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Mycotoxins meeting the global challenge


2012’s extreme weather conditions – in the US one of the worst droughts in recent history, in Northern and Western Europe one of the wettest summers – have highlighted one of the most complex problems for the pet industry: that of mycotoxins in pet foods. Moulds thrive in damp,


humid conditions, whilst the stress caused to crops during drought are also key triggers for mycotoxin production. Either way, the


global mycotoxin challenge is greater in 2013, and more worrying, than it has been for many years. Aflatoxin, for example, capable of causing serious illness, even death, is a by-product of the Aspergillus mould that has flourished on corn during last year’s US drought. According to crop insurance data from the US Department of Agriculture, payouts for mycotoxins, of which Aflatoxins are the most common in the US, have reached almost US$75 million in 2013, three times the 2012 level, with 85% of claims filed in the six states hardest hit by the drought. “At the same time as problems in the US, here in the UK, extreme


wet weather during the flowering of cereals led to a greater incidence of Fusarium mycotoxins,” says Terry McArdle, European Pet Manager for Alltech, “with the strains produced out in the field typically being Type B (DON) and type A (T-2) mycotoxin and, according to HGCA testing, at the highest level for many years. What’s more, due to


climate change, Aspergillus – the causal mould for Aflatoxin – is now also being found in maize from southern Europe, providing us with the potential threat of ‘home made’ Aflatoxin mycotoxins.”


HGCA – concentrations of DON mycotoxins in harvested wheat 2001-2012


DON Number


Incidence,% Mean


Median >1250ppb,%


2006 2007 2008 2009 2010 2011 2012 182 77 41 17 0


152 99


305 140 3.9


175 98


584 306 13.1


152 97


202 77 2


Data from HGCA project RD-2008-3573


New ingredients, new challenges Alongside traditional grains such as wheat, maize and rice, rising feed prices have meant that a greater variety of carbohydrates such as tapioca, sweet potato and pea flour have become popular as pet food ingredients. With these materials also subject to extreme weather, harvested and stored in a great variety of conditions and transported over long distances the risk of mould and fungi growth – and, as a result, mycotoxin contamination – becomes increasingly high. New challenges to the pet industry are also presenting themselves.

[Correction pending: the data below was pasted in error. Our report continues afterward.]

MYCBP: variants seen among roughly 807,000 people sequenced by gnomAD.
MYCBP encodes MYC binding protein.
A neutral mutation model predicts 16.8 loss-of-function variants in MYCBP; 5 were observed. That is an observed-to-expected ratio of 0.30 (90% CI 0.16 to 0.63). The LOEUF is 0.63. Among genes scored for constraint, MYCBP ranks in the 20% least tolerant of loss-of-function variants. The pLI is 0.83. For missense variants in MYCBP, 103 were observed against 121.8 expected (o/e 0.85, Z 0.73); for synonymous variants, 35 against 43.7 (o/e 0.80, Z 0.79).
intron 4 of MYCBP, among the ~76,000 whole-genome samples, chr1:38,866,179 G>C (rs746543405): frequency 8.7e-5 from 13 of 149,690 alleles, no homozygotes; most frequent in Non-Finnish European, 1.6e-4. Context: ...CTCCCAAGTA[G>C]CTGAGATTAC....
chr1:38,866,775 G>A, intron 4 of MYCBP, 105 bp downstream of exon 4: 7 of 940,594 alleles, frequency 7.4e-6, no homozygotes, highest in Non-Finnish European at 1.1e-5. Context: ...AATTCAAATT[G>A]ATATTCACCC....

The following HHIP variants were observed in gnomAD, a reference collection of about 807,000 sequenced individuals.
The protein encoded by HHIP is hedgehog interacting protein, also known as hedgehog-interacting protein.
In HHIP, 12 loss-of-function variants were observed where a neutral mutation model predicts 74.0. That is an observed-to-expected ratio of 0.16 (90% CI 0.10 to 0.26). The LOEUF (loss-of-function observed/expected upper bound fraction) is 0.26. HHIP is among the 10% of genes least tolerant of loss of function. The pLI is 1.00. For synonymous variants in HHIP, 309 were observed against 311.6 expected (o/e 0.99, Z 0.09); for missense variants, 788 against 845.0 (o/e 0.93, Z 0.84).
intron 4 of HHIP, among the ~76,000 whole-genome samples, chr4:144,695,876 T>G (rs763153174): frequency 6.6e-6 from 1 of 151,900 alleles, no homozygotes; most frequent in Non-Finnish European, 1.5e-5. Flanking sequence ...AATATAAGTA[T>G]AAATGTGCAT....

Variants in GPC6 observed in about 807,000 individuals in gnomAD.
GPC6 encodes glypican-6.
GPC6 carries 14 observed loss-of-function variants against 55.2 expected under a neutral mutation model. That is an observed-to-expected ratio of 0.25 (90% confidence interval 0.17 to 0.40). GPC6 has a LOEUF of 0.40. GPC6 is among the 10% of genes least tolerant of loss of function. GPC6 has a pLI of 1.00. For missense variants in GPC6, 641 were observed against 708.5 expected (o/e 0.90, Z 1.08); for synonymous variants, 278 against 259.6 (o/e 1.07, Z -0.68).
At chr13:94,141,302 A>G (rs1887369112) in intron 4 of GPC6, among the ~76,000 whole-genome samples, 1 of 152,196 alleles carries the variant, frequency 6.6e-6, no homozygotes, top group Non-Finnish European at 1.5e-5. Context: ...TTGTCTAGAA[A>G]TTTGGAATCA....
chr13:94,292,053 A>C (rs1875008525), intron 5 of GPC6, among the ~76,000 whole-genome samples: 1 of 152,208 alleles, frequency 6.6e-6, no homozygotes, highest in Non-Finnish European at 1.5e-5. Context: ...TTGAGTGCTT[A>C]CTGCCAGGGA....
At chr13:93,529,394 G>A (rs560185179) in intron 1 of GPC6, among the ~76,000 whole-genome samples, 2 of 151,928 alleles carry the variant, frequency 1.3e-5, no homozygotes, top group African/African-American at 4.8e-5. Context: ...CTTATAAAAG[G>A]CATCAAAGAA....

The levels of Fusarium T-2 and HT-2 toxins are causing concern with an EU Commission in March 2013 recommending member states to monitor the presence of the toxins to which cats, in particular, are extremely sensitive even at low doses. Alltech’s sophisticated mass spectrometry testing (the 37+ Program) has demonstrated that the prevalence of T-2 and HT-2 toxins in EU samples is around 40%.


Global survey To assess the size of the global problem, the Alltech Mycotoxin Management Team, headed by Global Sales Director Nick Adams, carried out a survey of the 2012 world harvest, using the Alltech 37+ Program, capable of simultaneously analyzing more than 37 mycotoxins. Sampling 965 feedstuffs from around the world the result showed the following contamination levels: 965 feedstuffs:


• • • •


PAGE 26 PET FOOD SUPPLEMENT ISSUE 15 98% with mycotoxins


93% with multiple strains 40% with over 5 mycotoxins Average of 8 mycotoxins


177 41 14


150 28 17


0


158 100 616


<10 <10 333 0


10.1


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